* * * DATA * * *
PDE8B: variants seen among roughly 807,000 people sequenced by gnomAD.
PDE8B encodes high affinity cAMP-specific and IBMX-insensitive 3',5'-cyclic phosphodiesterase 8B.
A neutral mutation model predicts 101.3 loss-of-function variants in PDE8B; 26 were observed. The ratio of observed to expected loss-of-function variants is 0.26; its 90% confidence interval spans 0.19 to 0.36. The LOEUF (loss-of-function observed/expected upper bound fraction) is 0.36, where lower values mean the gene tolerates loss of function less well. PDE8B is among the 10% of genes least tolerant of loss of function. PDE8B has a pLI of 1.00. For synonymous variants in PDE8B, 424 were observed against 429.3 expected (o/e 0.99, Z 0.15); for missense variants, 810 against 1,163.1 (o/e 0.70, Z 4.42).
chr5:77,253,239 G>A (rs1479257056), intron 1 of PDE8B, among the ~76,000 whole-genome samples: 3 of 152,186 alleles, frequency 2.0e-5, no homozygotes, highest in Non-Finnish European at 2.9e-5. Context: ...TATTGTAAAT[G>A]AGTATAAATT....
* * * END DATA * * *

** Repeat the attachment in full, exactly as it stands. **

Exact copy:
PDE8B: variants seen among roughly 807,000 people sequenced by gnomAD.
PDE8B encodes high affinity cAMP-specific and IBMX-insensitive 3',5'-cyclic phosphodiesterase 8B.
A neutral mutation model predicts 101.3 loss-of-function variants in PDE8B; 26 were observed. The ratio of observed to expected loss-of-function variants is 0.26; its 90% confidence interval spans 0.19 to 0.36. The LOEUF (loss-of-function observed/expected upper bound fraction) is 0.36, where lower values mean the gene tolerates loss of function less well. PDE8B is among the 10% of genes least tolerant of loss of function. PDE8B has a pLI of 1.00. For synonymous variants in PDE8B, 424 were observed against 429.3 expected (o/e 0.99, Z 0.15); for missense variants, 810 against 1,163.1 (o/e 0.70, Z 4.42).
chr5:77,253,239 G>A (rs1479257056), intron 1 of PDE8B, among the ~76,000 whole-genome samples: 3 of 152,186 alleles, frequency 2.0e-5, no homozygotes, highest in Non-Finnish European at 2.9e-5. Context: ...TATTGTAAAT[G>A]AGTATAAATT....